Appeals court tosses conviction of former driver for bin Laden

A U.S. federal court on Tuesday reversed the 2008 conviction of a Yemeni man accused of being the personal driver of former al Qaeda chief Osama bin Laden. 

Members of the U.S. Court of Appeals in Washington overturned the decision of a U.S. military tribunal, arguing that Salim Hamdan's actions did not violate the war crimes standards that were in place at the time of his military trial four years ago.

“At the time, the international law of war did not proscribe material support for terrorism as a war crime,” Circuit Judge Brett Kavanaugh wrote in the panel's majority opinion reversing the Hamdan conviction.

Hamdan was found guilty by a U.S. military tribunal of war crimes for providing "material support" to al Qaeda in his role as bin Laden's driver four years ago.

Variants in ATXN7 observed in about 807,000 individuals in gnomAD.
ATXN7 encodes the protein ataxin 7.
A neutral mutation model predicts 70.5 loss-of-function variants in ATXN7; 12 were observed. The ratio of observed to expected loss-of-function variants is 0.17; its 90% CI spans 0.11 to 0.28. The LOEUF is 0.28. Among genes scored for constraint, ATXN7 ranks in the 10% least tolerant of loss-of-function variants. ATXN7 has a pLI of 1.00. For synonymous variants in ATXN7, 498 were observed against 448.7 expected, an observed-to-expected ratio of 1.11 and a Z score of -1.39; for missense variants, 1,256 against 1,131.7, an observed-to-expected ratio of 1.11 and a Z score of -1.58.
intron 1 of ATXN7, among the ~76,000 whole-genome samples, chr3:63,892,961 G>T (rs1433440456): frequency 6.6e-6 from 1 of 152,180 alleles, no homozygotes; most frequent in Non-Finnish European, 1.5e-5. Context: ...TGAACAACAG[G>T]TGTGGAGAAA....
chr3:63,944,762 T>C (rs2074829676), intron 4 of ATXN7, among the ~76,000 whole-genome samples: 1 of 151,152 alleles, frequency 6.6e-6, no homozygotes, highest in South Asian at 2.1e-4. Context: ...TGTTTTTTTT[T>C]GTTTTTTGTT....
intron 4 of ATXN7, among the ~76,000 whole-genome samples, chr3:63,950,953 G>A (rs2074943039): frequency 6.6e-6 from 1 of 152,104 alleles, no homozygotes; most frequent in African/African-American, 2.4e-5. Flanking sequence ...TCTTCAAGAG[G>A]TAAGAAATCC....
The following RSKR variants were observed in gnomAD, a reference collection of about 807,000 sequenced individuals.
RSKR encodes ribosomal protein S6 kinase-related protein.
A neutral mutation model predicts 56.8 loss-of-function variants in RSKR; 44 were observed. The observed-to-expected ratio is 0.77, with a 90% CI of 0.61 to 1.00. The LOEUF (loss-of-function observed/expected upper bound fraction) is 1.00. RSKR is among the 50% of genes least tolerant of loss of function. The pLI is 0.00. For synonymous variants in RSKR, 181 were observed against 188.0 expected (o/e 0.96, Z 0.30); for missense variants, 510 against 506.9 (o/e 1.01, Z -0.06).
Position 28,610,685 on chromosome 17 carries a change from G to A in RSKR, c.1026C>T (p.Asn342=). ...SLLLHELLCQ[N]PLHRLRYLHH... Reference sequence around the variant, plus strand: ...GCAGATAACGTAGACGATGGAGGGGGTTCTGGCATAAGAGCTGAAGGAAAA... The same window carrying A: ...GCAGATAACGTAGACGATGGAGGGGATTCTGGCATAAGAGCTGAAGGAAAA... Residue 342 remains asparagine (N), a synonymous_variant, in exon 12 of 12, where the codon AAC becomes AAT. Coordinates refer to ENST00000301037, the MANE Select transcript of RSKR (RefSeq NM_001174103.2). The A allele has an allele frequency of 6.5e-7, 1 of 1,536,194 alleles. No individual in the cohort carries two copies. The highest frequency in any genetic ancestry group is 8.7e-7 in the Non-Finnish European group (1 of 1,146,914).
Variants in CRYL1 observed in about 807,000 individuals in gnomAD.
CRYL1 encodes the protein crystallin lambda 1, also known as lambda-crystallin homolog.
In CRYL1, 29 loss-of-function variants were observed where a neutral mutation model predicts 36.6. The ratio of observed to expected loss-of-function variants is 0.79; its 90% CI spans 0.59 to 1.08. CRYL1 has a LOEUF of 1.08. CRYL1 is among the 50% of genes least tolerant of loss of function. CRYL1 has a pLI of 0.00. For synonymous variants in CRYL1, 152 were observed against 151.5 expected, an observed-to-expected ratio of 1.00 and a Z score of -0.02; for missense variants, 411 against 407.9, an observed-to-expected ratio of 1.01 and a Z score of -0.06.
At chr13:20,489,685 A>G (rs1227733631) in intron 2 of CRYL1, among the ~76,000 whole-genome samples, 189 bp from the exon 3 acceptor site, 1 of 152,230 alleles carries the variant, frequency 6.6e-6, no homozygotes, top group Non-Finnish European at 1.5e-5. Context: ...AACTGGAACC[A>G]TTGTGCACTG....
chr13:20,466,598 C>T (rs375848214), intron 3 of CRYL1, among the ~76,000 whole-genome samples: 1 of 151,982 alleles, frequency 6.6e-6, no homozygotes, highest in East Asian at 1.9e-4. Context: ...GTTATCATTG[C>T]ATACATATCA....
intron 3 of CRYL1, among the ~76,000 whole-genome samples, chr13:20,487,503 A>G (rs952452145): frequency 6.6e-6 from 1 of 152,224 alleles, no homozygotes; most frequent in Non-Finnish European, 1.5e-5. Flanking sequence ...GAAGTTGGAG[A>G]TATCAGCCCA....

He was captured in Afghanistan by U.S. forces in 2001 shortly after the Sept. 11 attacks, and was the first terror suspect convicted by the U.S. military court at Guantánamo Bay, Cuba. At the time of his capture, Hamdan was found with two SA-7 surface-to-air missiles en route to suspected Taliban strongholds in Kandahar province in southern Afghanistan. 

Hamdan's appeal of his case eventually reached the Supreme Court, which ruled in 2006 that the military tribunal system set up under the George W. Bush administration was unconstitutional.

As a result, Congress approved the Military Commissions Act that year, which enacted significant changes to the process by which suspected terrorists are tried by the United States. 

Under that legislation, Hamdan's material support via his involvement with bin Laden and al Qaeda would have constituted a war crime. 

But the appeals court ruled on Tuesday that Hamdan's conviction did not fall under the definition of a war crime set by the Military Commissions Act because his arrest took place before the legislation was in place.

"Because we read the Military Commissions Act not to retroactively punish new crimes, and because material support for terrorism was not a pre-existing war crime ... Hamdan's conviction for material support for terrorism cannot stand," Kavanaugh wrote. 

Hamdan had been held in U.S. custody at the Guantánamo Bay facility until Washington handed him over to Yemeni authorities in 2008. They subsequently released him in 2009.